‘Rigoletto’ potpourri: a tale, trivia, and a magical performance

MOT's 'Rigoletto' opened May 14

Editor’s note: All month long, in honor of Verdi’s birthday, we will celebrate all things Verdi on Operatoonity.com. This Golden Operatoonity repost features my favorite Verdi opera “Rigoletto.”

Giuseppe Verdi’s Rigoletto premiered in Venice, Italy in 1851. Based on a story by Victor Hugo, Rigoletto is a darkly tragic, gut-wrenching opera that ends in a senseless death. But at least for one performance at the Royal Opera House in Covent Garden circa 1948, Rigoletto turned into a bit of a comedy:

English tenor Walter Midgley was playing the Duke.  During the aria “Questa o quella,”  a lively, upbeat piece, Midgley caught the end of his fake mustache in his mouth and gradually sucked in the entire thing, which eventually lodged itself in his windpipe. If losing his fake mustache wasn’t enough of distraction, at the end of the aria, Midgley managed to blow it out across the stage, into the orchestra pit, and right into the conductor’s face.

According to Bachtrack, the world’s best way to find live classical music, Rigoletto was one of the ten most performing operas in the world  in 2009-10.

Tenor David Lomeli singing the Duke in COC's 'Rigoletto'

Canadian Opera Company is doing Rigoletto this season with a first-rate cast.

In celebration of Rigoletto’s 160th anniversary, here is a link to “Questa o quella,” sans any extra slapstick comedy, from one of my favorite productions last season, Rigoletto a Mantova, as sung by the ever-appealing Italian tenor  Vittorio Grigolo.

5 Comments

Filed under Microtales, Opera and humor, Premieres

5 Responses to ‘Rigoletto’ potpourri: a tale, trivia, and a magical performance

  1. Ann Lander

    Rigoletto a Mantova was shown live in England and I recorded it off the TV. I’d already seen Domingo sing baritone in Simon Boccanegra so I sort of knew what to expect & I thought it was fabulous.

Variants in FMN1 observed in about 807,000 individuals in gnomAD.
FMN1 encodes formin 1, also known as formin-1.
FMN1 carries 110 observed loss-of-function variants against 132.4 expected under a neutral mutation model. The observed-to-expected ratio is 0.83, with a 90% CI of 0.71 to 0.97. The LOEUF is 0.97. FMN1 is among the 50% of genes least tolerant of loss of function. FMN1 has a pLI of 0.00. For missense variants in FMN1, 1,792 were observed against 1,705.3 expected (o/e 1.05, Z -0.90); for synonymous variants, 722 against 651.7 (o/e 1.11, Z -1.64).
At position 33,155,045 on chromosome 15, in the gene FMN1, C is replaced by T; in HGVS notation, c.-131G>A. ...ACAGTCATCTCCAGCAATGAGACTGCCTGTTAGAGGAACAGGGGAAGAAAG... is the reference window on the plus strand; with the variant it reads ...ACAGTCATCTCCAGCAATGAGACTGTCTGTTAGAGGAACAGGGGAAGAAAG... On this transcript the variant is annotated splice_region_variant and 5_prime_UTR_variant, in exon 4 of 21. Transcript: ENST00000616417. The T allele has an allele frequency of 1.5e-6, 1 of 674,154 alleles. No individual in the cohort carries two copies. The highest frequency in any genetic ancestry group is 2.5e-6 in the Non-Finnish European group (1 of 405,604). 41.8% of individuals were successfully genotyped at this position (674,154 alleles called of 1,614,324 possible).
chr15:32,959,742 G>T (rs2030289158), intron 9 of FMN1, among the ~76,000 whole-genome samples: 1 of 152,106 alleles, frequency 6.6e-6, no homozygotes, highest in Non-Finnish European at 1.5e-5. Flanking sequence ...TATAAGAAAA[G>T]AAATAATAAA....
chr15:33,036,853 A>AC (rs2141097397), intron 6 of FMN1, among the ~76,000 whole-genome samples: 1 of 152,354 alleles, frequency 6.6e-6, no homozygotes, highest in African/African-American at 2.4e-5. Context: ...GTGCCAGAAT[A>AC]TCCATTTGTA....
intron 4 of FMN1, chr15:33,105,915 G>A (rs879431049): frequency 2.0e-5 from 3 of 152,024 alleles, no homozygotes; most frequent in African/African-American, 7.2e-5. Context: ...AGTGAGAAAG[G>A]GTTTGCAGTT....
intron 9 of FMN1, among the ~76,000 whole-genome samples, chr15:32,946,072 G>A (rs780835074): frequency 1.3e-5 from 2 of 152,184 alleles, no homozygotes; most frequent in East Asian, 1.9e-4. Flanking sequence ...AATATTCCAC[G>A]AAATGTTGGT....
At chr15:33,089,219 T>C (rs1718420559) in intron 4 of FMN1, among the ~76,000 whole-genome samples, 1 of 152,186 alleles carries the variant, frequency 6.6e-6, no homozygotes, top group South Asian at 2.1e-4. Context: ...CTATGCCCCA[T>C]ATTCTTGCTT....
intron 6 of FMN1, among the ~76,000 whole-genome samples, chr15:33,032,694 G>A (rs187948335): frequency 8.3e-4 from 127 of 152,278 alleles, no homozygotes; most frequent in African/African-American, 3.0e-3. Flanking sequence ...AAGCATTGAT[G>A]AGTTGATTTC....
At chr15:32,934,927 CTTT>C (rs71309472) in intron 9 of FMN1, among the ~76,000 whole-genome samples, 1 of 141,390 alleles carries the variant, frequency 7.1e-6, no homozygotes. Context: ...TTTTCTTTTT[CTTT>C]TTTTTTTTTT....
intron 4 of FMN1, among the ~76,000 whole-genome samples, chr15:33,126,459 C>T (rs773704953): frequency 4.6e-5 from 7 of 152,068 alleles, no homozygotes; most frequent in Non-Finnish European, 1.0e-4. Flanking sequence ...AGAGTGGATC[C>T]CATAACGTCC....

In January 2010 I booked a trip to Italy not knowing at the time that I would be staying in Milan the very week after Rigoletto a Mantova was broadcast on TV. While there, I went to Mantova and had a wonderful day visiting the locations used in the opera. I spotted a Rigoletto a Mantova poster on a door and asked a guy if I could buy it. He said I could have it – turned out I was speaking to the Producer Andrea Andermann and to my acute embarrassment I hadn’t recognised him. He was very gracious and signed my poster & it’s one of my treasured possessions. I recently saw Faust at ROH & managed to get Vittorio Grigolo to sign the poster. Only Plácido Domingo’s, Julia Novikova’s, Ruggero Raimondi’s, Nino Surguladze & Zubin Mehta’s autographs to get now!!

    Andermann told me it would be released on DVD but there’s no sign of it yet. I asked Grigolo as well & he didn’t know. Thank goodness I still have my recording.

  2. admin

    Thanks for the heads up on the Rigoletto interview. That was quite interesting. I saw Alden’s Don G. at NYC Opera and liked it very much (though more than a few people in the audience hated it. Alden’s vision for a production is polarizing.)

  3. Amzenon’s comment on PD summarizes my take on his performance quite nicely. My own YouTube viewing contained many comments along the lines of “Hmm, I’m not sure this is really working… dang it, he made me cry.”

    Re: the COC’s current Rigoletto, Definitely the Opera has recently posted an extensive interview with the director, Christopher Alden; I thought you (and your readers) might be interested.

  4. Hello, amzenon. They didn’t carry the program in the US, so I’ve watched it by putting YouTube clips together. All the countries that got to see this event and US wasn’t one of them.

  5. amzenon

    I watched this Rigoletto on tv. PD is not the greatest ‘baritone’, but he is the greatest PD. And it is fully understandable why all women fall for VG.